# Quantum Operators¶

A number of basic quantum operations are provided as builtin operators. They are - inverting a unitary, raising a unitary to an integer power, and applying a unitary conditionally based on some quantum condition.

## Syntax¶

control ( control ) { statements }

control ( condition-expression ) { statements }

invert { statements }

power ( power ) { statements }

@overload
def control(
ctrl: Union[QBit, QArray[QBit]], operand: Union[QCallable, Callable[[], None]]
) -> None:
pass

def control(ctrl: SymbolicExpr, operand: Union[QCallable, Callable[[], None]]) -> None:
pass

def invert(operand: QCallable) -> None:
pass

def power(power: CInt, operand: QCallable) -> None:
pass


## Control Semantics¶

• The first Control argument (ctrl) may be a single variable (control) or a a Boolean expression (condition-expression).
• The control argument is a qubit array of length one or more. The Control statement applies the statements block (operand) if all qubits are in state $$|1\rangle$$.
• The condition-expression is a logical expression over a quantum variable, whose value serves as the control for the application of the statements block (operand).
• Currently, expressions are restricted to the form <var> == <classical-expression>, where both <var> and <classical-expression> are integer types.

## Examples¶

In the following example, the 3 builtin quantum operators are used in function main. Note the last line, where a call to operator power is nested under a call to operator control.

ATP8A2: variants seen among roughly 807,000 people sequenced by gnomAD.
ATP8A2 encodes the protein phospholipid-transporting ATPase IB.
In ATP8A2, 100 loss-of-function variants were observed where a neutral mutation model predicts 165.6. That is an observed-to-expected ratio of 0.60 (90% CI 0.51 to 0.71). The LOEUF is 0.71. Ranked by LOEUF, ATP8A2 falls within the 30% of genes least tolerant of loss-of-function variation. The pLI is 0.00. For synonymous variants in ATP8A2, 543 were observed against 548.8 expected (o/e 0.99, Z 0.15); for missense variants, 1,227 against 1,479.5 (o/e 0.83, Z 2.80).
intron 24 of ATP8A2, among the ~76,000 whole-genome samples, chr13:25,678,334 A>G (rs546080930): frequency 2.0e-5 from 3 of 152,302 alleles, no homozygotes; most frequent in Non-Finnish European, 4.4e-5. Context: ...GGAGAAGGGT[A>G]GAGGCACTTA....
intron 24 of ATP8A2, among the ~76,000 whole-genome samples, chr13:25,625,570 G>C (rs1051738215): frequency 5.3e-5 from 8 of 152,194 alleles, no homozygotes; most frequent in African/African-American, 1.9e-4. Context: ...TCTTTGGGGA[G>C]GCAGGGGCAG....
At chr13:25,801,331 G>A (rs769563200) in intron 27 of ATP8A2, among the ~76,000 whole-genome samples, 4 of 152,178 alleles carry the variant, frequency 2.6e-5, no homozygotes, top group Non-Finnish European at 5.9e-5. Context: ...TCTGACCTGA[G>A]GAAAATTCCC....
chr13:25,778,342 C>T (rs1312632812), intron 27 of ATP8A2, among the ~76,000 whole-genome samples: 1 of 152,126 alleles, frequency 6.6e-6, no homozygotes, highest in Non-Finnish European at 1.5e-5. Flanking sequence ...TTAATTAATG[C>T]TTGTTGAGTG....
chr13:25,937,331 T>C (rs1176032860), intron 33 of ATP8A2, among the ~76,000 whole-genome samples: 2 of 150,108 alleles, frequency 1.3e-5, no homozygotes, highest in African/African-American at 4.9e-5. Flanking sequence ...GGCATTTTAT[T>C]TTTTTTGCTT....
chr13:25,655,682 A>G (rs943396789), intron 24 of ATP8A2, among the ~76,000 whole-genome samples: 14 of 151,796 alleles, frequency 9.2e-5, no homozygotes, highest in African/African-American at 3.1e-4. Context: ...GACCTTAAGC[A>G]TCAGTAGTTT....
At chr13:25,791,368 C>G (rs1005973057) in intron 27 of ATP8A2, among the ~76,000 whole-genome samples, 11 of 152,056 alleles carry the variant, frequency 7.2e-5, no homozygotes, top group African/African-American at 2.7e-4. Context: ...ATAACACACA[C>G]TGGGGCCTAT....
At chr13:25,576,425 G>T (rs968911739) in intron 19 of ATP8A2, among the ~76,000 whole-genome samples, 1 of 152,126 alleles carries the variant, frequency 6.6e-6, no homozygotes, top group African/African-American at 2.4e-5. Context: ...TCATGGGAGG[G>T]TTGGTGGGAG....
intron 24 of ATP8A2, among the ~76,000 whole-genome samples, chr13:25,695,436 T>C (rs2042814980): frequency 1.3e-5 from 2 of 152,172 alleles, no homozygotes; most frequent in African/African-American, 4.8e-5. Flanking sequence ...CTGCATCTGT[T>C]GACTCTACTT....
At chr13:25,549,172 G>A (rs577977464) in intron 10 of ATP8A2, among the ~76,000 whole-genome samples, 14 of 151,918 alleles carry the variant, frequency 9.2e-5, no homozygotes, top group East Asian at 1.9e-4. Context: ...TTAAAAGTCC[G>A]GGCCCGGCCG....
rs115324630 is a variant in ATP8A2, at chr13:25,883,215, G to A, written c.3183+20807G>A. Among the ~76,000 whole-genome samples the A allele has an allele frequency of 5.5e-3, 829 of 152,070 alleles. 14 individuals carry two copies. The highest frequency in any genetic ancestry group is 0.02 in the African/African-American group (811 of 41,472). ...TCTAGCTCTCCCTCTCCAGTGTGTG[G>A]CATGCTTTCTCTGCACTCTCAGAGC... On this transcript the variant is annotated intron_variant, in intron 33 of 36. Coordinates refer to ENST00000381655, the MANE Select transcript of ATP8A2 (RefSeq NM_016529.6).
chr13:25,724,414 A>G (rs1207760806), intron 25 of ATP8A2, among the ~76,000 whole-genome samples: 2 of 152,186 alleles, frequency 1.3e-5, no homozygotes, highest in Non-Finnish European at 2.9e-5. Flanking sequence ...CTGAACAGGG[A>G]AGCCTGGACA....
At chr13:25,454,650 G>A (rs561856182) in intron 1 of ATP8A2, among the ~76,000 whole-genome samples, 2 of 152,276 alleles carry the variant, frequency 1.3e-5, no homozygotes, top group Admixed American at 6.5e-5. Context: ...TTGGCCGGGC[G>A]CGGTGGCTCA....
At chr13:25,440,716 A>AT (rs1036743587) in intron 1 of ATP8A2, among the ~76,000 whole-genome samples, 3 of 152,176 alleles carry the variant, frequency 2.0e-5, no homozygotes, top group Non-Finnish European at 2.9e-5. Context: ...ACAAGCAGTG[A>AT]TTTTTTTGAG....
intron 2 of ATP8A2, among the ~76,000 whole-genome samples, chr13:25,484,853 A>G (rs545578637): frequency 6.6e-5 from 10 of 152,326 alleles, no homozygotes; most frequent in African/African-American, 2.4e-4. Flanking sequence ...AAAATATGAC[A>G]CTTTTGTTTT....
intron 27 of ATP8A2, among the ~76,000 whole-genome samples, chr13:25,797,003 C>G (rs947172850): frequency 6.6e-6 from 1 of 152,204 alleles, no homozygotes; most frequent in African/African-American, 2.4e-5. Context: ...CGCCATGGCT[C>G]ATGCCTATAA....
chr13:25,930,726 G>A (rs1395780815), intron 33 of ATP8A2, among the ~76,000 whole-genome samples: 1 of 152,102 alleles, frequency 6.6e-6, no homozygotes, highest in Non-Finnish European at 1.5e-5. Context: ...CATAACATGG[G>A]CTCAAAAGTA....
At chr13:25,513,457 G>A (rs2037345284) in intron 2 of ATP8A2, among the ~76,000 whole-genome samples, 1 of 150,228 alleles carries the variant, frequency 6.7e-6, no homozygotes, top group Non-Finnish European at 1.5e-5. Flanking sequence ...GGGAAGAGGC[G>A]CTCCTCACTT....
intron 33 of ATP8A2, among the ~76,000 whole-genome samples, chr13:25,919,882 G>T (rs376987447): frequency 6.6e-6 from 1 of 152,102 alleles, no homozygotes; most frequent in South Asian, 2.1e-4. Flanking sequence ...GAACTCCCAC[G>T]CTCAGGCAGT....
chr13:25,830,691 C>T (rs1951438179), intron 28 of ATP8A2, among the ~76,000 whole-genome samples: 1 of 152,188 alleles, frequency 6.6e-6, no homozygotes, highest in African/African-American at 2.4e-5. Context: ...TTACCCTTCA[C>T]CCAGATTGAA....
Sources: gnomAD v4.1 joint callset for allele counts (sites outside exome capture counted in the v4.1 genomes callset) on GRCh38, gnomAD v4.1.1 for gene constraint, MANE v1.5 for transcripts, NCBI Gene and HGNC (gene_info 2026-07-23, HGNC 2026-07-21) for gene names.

qfunc foo(qb: qbit) {
RX<0.25 * pi>(qb);
}

qfunc main() {
qb1: qbit;
qb2: qbit;
allocate<1>(qb1);
allocate<1>(qb2);
invert {
foo(qb1);
}
control (qb1) {
power (2) {
foo(qb2);
}
};
}

from sympy import pi
from classiq import RX, QBit, qfunc, allocate, invert, control, power

@qfunc
def foo(qb: QBit) -> None:
RX(0.25 * pi, qb)

@qfunc
def main() -> None:
qb1 = QBit("qb1")
qb2 = QBit("qb2")
allocate(1, qb1)
allocate(1, qb2)
invert(lambda: foo(qb1))
control(qb1, power(2, lambda: foo(qb2)))


Synthesizing this model creates the quantum program shown below. You can see that the call to foo on qb1 is inverted, and the call on qb2 is applied twice, under the control of qb1.

The following example demonstrates the use of control to rotate the state of a qubit by an angle determined by another quantum variable. Note how the condition of the control is comparing the quantum variable with the repeat index.

qfunc switch_rx(x: qnum, target: qbit) {
repeat (i: 4) {
control (x == i) {
RX<pi / (2 ** i)>(target);
}
}
}

qfunc main(output res: qbit) {
allocate<1>(res);
x: qnum;
prepare_int<2>(x);
switch_rx(x, res);
}

from classiq import (
qfunc,
QNum,
allocate,
control,
QBit,
repeat,
RX,
Output,
prepare_int,
)
from classiq.qmod.symbolic import pi

@qfunc
def switch_rx(x: QNum, target: QBit) -> None:
repeat(4, lambda i: control(x == i, lambda: RX(pi / 2**i, target)))

@qfunc
def main(res: Output[QBit]):
allocate(1, res)
x = QNum("x")
prepare_int(2, x)
switch_rx(x, res)


Synthesizing this model creates the following quantum program. Note how control is implemented as positive and negative controls in the respective numeric qubits.